German direct sales bike company Canyon have had success supplying bikes to the pro peloton for the past two years, thanks to the Lotto (2011) and Katusha (2012) road teams.
Riding the ultra-light, explosively rapid SLX 9.0 SL, it’s certainly obvious that the bike is a genuine advantage whatever level you’re at. That’s before you realise that the complete bike is cheaper than many other production versions of Tour de France framesets.
Ride & handling: Confident climbing and comfy on long rides
Wherever we took this bike on a group ride it never suffered in comparison with the other bikes, often showing them a clean pair of heels in some situations.
It was the standout, explosive climbing performance we really noticed and were continually impressed by. Even when we were tired after a long time in the saddle, hitting steep ascents was something to be relished. This was because we knew everyone else would be suffering a whole lot more than we were. They knew it as well, which made repeated snap attacks towards every summit an addictively aggressive default setting.
For all the talk of aerodynamic rims and wheels, the Canyon never felt noticeably less efﬁcient when cruising or charging along the ﬂat. This really backs up Mavic’s claims that turbulence caused by the fat spokes can decrease overall bike drag, and reinforces the all-round versatility of the SLX.
The VCLS seatpost also does a sterling job of muting the harshness we could feel through our feet when hammering out of the saddle, while still keeping the perch a comfortable place to sit. This certainly isn’t a lazy, featherbed thing to ride, but it’s easily tolerable for long back-road days.
While the handling can get a bit light and ﬂighty at high speeds, or twitchy under heavy braking into corners, it was never enough to undermine our conﬁdence on descents.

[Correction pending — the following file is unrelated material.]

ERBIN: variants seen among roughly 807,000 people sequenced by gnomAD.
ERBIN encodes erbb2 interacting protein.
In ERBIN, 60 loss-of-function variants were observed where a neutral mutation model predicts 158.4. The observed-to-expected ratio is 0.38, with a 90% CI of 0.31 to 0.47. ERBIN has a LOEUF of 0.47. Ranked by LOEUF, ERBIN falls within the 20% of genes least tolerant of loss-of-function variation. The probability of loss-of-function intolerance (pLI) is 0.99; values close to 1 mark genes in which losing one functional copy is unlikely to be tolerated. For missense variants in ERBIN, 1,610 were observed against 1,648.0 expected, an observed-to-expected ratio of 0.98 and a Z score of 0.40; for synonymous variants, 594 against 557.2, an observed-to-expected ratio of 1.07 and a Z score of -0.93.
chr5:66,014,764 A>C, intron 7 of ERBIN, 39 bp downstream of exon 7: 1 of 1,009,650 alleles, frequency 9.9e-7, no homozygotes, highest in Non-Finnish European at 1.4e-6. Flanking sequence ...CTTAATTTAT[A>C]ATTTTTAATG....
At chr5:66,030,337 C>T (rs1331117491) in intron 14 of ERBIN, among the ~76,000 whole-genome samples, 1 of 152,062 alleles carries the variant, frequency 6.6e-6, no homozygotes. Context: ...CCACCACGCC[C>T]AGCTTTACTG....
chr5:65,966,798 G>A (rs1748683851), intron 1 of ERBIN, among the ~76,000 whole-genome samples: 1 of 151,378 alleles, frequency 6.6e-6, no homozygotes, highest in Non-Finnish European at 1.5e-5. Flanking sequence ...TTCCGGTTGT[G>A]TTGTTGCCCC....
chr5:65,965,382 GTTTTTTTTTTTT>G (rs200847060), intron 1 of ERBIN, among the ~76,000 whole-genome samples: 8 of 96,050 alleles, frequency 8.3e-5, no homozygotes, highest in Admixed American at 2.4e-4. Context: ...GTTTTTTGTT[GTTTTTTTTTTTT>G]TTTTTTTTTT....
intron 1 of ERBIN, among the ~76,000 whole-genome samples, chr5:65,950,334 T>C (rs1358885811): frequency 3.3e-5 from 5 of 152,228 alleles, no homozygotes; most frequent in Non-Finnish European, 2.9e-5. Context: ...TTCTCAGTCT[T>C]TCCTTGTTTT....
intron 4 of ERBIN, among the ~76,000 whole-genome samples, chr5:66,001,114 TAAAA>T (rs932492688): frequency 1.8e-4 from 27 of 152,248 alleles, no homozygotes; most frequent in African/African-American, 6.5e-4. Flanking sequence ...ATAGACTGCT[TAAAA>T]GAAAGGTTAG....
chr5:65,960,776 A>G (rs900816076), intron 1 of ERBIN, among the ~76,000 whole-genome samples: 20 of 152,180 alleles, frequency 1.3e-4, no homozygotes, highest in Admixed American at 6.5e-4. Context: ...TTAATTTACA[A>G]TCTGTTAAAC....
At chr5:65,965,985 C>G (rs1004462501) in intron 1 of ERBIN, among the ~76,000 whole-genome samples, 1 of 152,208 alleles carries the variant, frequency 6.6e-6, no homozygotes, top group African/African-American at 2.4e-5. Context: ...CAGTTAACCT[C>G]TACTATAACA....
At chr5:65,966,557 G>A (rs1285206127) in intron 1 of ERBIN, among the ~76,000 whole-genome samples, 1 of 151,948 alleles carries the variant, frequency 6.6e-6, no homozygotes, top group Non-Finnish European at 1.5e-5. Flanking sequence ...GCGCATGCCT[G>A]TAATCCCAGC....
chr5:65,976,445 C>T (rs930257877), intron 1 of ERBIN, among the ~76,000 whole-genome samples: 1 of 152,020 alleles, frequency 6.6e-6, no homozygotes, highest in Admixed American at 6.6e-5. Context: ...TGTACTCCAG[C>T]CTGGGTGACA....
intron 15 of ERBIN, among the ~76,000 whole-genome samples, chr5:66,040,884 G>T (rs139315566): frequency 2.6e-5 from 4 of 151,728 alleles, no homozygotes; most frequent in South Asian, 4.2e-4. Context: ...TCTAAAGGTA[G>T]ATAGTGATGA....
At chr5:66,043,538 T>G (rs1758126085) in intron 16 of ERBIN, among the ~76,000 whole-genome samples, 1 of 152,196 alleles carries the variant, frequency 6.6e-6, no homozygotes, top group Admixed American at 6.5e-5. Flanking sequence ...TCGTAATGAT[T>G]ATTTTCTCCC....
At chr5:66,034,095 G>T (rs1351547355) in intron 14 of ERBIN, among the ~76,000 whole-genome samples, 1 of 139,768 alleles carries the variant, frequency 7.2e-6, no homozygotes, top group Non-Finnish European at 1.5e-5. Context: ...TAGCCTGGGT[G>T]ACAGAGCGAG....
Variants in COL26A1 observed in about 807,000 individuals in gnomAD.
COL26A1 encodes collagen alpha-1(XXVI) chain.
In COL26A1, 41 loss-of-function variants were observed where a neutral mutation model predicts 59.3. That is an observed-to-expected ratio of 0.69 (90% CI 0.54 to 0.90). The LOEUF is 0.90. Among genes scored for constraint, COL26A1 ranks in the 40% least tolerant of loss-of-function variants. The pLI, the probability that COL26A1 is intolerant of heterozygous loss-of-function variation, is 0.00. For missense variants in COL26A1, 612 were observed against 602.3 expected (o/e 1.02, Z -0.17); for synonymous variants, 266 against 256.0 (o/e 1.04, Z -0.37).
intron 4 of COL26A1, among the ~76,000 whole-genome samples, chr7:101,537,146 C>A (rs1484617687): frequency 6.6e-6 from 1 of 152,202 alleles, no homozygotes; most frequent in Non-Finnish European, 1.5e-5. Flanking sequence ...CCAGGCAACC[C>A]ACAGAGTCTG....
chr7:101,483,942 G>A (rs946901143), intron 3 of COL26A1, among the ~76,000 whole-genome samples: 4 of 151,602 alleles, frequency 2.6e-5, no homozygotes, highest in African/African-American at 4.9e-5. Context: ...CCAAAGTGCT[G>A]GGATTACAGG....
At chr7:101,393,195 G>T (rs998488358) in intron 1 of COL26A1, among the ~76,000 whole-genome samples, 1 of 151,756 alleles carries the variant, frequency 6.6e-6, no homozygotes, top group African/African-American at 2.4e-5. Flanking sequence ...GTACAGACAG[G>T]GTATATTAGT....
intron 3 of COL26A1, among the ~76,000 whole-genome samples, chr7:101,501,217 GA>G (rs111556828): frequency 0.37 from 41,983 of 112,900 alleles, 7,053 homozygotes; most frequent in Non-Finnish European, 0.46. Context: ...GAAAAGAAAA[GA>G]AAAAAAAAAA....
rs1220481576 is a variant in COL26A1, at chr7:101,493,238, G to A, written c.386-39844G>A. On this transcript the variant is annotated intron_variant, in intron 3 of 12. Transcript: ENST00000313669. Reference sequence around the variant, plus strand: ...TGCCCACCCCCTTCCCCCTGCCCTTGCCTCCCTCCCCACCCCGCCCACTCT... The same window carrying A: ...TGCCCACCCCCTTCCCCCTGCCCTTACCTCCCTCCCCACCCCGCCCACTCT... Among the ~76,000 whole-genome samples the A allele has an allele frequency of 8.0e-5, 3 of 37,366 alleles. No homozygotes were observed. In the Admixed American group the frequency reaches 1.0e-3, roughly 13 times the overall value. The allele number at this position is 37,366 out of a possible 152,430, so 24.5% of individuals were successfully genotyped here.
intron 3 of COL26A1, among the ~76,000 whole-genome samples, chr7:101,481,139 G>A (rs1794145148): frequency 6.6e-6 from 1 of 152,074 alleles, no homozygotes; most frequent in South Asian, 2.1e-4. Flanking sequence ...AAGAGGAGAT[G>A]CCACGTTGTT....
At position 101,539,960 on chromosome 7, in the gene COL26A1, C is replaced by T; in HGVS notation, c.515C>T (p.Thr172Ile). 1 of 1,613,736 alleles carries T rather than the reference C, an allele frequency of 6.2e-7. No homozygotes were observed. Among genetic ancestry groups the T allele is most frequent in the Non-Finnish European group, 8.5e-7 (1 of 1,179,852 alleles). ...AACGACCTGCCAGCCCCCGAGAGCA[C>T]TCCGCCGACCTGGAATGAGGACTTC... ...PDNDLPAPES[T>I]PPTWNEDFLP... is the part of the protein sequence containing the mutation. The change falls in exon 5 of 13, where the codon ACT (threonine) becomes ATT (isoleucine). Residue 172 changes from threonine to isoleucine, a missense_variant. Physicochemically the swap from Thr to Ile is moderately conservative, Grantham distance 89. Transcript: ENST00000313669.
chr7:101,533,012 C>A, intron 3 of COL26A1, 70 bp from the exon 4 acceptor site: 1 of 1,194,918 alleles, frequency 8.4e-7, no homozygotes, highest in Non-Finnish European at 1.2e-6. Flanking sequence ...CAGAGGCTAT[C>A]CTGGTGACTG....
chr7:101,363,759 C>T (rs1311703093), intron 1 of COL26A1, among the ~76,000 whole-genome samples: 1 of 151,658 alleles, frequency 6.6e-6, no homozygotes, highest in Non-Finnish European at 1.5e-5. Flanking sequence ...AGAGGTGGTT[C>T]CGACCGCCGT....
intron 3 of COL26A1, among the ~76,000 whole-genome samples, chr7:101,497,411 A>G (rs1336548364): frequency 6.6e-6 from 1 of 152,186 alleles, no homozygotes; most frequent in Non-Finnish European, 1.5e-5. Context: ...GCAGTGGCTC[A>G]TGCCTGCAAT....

Frame & equipment: Well built, with weight-saving a priority
The Canyon’s remarkably good value certainly hasn’t been achieved by skimping on the chassis. While the frame is unchanged for this year it’s still loaded with innovative components.
The tapered One One Four head tube and fork uses the same oversized 1.5-1.25in dimensions as Giant’s OverDrive 2. The patented design of the asymmetrically offset, squared base tapering Maximus seat tube maximises rigidity and pedalling efﬁciency.
The VCLS seat tube (included with the £1,399 frameset) uses elastic basalt ﬁbres within the carbon lay-up to produce a springier, smoother riding seatpost. The massive chainstays and super-skinny seatstays are also bang on trend in performance terms.
While features such as the conventional rather than press-ﬁt bottom bracket and riveted 3D alloy front mech plate might seem cost-cutting measures, they add greater chainset compatibility and more accurate front shifting performance respectively. External cable routing is also lighter and easier to service than internal routing, and even the bottle bolts are titanium to bring the frame in at a respectably light 945g.
Low weight is deﬁnitely a theme running right through the kit choice on the complete bike. The Mavic R Sys wheelset has hollow carbon spokes and is one of the lightest clincher sets available. Plus, it’s ultra tight but still ride-smoothing thanks to the spokes.
SRAM’s Red groupset is the lightest transmission available, and the solidly mounted front mech shifts noticeably better than most SRAM setups we’ve used. You even get the ultra-light, hollow OG1090 SRAM cassette included, which most manufacturers skimp on. Canyon also let you choose compact or standard rings and an 11-25 or 11-28T cassette.
Because these particular bikes are delivered direct to your door via a UK service centre rather then being available to try in your local shop, Canyon also offer a stem swap facility if the initial bike ﬁt software doesn’t get your individual dimensions quite right – a useful touch, as we generally ﬁnd their stems to be on the short side.
The minimalist Selle Italia saddle also proved a bit uncomfortable for some of our testers, but others found it ﬁne and there’s no arguing that the 135g weight helps make the Canyon extremely light for the price.
SRAM’s Red transmission is the lightest gearset going
This article was originally published in Triathlon Plus magazine, available on Zinio.